According to its lawsuit, ACS never alleged that TW was harmed. This is potentially significant, because the ACS’s policy on marijuana states that a positive marijuana test in a baby is not grounds for removal by itself — there needs to be a separate finding that the marijuana has caused “impairment or risk of impairment.” The suit also says that the hospital did not treat the baby for anything related to the marijuana exposure.

Was her baby taken away because she had had a prior child welfare case? What does the agency say?

It’s not clear. In Rivers’s earlier case seven years ago, she lost custody of her two older children for drug and alcohol use and failure to obtain medical care for her older son. But the suit notes that ACS had already cleared her to get those older children back at the time TW was born in August 2021.

The suit also says that both family court judges who presided over the TW case said that the earlier case did not create an imminent risk to TW

ACS may have disagreed with this. The judge who ordered TW returned to Rivers when he was six days old did so over ACS’ objections, according to the suit.

For their part, ACS officials would not answer questions about the case, citing confidentiality laws. They said that as a general policy, they do not remove children based solely on a parent’s use of marijuana and that when they investigate cases involving “parental drug/alcohol misuse,” they “assess the impact any misuse has or may imminently have on child.” safety.”

But the anger management classes and the drug tests weren’t all that Rivers had to deal with.

Rivers said the frequent surprise visits from ACS caseworkers were more than just an annoyance. At the time of TW’s birth, she was working out of her apartment doing hair. Sometimes a random home visit from ACS came while she was with a customer.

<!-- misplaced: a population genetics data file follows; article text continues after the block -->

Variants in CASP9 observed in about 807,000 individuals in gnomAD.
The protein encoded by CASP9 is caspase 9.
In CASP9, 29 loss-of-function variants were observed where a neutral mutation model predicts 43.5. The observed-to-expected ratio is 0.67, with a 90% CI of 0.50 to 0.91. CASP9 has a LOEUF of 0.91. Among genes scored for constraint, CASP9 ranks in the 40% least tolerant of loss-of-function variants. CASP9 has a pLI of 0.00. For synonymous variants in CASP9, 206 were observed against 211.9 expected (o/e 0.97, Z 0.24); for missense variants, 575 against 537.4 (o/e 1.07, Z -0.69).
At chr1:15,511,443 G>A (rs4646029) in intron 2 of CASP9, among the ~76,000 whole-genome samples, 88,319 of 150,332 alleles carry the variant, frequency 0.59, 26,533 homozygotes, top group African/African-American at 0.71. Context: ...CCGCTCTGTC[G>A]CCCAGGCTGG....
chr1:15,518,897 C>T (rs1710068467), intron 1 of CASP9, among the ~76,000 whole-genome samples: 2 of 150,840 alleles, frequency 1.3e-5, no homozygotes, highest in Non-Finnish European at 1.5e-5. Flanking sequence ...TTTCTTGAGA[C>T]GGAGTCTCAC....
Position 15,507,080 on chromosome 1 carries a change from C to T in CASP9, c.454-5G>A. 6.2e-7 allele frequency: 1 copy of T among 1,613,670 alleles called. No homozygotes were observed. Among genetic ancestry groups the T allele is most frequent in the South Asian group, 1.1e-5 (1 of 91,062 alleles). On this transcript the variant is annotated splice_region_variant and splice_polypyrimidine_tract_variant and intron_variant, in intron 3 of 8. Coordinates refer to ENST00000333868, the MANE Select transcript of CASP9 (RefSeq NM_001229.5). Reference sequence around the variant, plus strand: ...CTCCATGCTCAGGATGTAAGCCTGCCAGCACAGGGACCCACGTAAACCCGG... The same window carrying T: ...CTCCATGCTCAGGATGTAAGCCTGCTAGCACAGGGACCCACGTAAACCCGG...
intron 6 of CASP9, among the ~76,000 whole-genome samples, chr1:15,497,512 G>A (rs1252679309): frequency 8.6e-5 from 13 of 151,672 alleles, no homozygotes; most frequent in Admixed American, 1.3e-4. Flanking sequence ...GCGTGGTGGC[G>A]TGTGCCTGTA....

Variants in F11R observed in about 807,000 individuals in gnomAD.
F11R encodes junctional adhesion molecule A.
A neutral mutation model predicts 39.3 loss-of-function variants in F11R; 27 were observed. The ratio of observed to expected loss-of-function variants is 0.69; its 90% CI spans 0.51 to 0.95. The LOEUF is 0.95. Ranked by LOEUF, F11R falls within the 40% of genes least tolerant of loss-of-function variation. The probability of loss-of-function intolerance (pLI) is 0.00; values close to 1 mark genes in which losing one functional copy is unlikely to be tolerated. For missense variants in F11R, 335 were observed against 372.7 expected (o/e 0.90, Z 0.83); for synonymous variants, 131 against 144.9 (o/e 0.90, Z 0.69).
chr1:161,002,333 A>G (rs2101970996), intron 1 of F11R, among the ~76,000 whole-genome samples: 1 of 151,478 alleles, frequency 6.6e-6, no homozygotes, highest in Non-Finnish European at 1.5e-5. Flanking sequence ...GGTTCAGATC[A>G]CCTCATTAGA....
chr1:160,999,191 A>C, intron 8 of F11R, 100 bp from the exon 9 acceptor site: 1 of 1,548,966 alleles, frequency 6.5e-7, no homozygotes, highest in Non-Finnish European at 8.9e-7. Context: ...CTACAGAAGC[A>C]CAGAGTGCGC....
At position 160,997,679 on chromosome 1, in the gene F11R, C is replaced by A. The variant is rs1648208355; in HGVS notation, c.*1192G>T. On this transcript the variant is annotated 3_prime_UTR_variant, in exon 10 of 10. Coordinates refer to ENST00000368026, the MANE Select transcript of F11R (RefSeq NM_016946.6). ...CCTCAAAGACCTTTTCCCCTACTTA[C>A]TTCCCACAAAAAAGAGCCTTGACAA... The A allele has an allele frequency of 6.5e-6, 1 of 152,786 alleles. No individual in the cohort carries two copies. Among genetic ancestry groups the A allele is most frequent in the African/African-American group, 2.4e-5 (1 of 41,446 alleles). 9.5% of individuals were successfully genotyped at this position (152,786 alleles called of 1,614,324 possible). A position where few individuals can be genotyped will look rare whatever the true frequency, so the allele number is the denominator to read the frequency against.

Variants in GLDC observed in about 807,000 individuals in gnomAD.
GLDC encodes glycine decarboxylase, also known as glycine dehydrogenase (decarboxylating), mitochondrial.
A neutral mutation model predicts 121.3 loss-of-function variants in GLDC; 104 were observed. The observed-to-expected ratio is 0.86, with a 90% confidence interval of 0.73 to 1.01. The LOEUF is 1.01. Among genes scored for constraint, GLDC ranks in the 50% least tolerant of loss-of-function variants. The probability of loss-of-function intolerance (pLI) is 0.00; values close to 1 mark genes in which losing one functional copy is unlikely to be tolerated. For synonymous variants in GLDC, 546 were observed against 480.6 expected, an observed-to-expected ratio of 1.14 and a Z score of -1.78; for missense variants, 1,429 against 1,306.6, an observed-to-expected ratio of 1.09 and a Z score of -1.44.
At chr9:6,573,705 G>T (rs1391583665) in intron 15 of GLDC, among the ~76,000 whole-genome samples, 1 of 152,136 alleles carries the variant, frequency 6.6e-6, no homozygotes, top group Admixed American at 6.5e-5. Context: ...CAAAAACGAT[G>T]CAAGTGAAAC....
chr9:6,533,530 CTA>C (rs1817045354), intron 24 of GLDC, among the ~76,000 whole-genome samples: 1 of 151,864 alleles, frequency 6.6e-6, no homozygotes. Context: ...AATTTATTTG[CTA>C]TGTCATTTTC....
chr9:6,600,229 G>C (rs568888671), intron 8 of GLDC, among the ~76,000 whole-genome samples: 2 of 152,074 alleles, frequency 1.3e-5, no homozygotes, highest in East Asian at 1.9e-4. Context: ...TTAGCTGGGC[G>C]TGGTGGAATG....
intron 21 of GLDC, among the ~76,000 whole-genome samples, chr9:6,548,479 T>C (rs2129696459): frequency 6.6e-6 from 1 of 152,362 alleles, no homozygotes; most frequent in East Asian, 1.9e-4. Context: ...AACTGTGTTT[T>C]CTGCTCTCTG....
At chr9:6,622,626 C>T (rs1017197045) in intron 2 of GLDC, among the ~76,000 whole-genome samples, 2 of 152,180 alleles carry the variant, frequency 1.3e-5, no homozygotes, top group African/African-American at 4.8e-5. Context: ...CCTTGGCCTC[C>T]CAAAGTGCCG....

Some customers were sympathetic. “A few of my friends go through the same thing I’m going through, so they understand,” Rivers said.

Others were put off.

“Sometimes when ACS popped up I’d just cancel my hair appointments and reimburse them back their money,” she said. “That’s just interfering with my personal life, with me working and trying to make a living.”


Enjoy a mostly sunny day with a high near 72 and light wind. At night, expect clouds and a low around 56 with a light wind.


In effect until Friday (Shavuot).

Metropolitan diary

Dear Diary:

My friend Sonja was born and raised in Minnesota. She moved to the West Village in 1965. Her first studio apartment remains her home today. She has enjoyed everything about Manhattan: the ballet, the opera, the museums, the people, the theater, The New Yorker.

Sonja is a retired teacher who commuted many years to a small town in central New Jersey. She was well known for her classroom’s décor. The ceiling was crisscrossed with strings, from which hung New Yorker covers spanning about 50 years.

These were the inspirations for her students’ creative writing assignments. Charles Addams appreciated the stories Sonja sent to him, with his covers as the subjects. He wrote a personal note to her, noting his favorite one.

Blossom Dearie was a neighbor, late in her life. I know this because Sonja checked up on her one day before she left for lunch with me.

Author: Yuvi

My name is Yuvi, I work as Sub Editor at newscinema.in

22 May, 2023, 9:40 am

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Monday, 22nd May 2023